Bernice King, the daughter of civil rights icons Martin Luther King and Coretta Scott King, is interviewed in the August issue of Atlanta Magazine by noted author Rebecca Burns as part of her story on the minister and CEO of the King Center. The story and interview will be available online on Aug. 1 but is available now to subscribers of the magazine. Retailers will also be selling the magazine next week.
The story is a good read for those interested in the King family dynamic and drama in recent years and touches on and the tense relationships between Bernice King and her brothers Martin III and Dexter over the operations of the King Center and the MLK legacy itself.
Burns is author of "Burial for a King," the story of MLK's funeral in Atlanta in the midst of social and racial riots taking place across the country. At the end of her interview, she asks Bernice King specifically about her stance on gay issues.
GA Voice editor Laura Douglas-Brown was featured on AM 1690 | The Voice of the Arts this week in a bi-weekly segment highlighting upcoming arts and entertainment events and LGBT community news featured in our upcoming issue.
In this week's segment, Laura discusses our second annual Health and Fitness issue, Bernice King's surprise speech at Atlanta's MLK Day rally, the ongoing financial crisis at YouthPride and more.
Bernice King took the stage today at Atlanta’s annual Martin Luther King Jr. rally and included gay, lesbian, bisexual and transgender people among the various groups she said need to come together to fulfill her father's legacy.
In a passionate, sermon-like speech about building unity, King said she didn't care if people were Hindu, Buddhist, Islamist, were from the North side or the South side, were black or white, were “heterosexual or homosexual, or gay, lesbian, bisexual, transgender” — that all people were needed to create unity.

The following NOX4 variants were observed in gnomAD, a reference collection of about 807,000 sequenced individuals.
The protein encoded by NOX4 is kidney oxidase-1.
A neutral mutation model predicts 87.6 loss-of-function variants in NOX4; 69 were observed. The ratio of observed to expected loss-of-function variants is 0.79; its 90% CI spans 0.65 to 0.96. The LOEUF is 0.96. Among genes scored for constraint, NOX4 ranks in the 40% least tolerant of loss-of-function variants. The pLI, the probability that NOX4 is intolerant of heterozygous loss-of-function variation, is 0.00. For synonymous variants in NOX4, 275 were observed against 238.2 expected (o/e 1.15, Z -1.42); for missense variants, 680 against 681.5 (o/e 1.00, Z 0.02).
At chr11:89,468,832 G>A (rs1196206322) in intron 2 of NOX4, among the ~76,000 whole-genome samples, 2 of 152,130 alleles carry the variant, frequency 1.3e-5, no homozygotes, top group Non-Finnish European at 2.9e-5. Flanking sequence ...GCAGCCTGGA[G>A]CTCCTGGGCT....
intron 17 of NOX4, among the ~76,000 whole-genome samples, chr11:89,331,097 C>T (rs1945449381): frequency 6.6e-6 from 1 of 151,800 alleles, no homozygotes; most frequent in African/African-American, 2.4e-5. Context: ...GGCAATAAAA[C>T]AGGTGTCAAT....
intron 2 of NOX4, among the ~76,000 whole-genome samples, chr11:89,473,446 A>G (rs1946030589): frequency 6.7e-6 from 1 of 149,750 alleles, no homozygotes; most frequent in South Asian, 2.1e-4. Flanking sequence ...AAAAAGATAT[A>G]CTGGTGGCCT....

LGBT people who attended the rally said they were shocked that King – who has a long anti-gay past — actually acknowledged the community in a public speech, but said they were also glad because it shows people can evolve.
Rev. Maressa Pendermon, a minister with LGBT-inclusive Unity Fellowship Church, said she at first intended to tune out King because of her anti-gay past, but decided to pay attention one more time.
On the heels of Bishop Eddie Long's settlement with four young men who sued him for alleged sexual coercion, Bernice King confirmed Tuesday that she is leaving New Birth Missionary Baptist Church.
"I know there has been lots of speculation and comments about my departure from New Birth," King told radio host Rhodell Lewis on Praise 102.5 FM. King is the daughter of the late Martin Luther King Jr. and late Coretta Scott King.
"Let me start by just clarifying to let all your listeners and others who may be listening in that ... after eight years and eight months my last Sunday as a member of New Birth Missionary Baptist Church was this past Sunday," King said.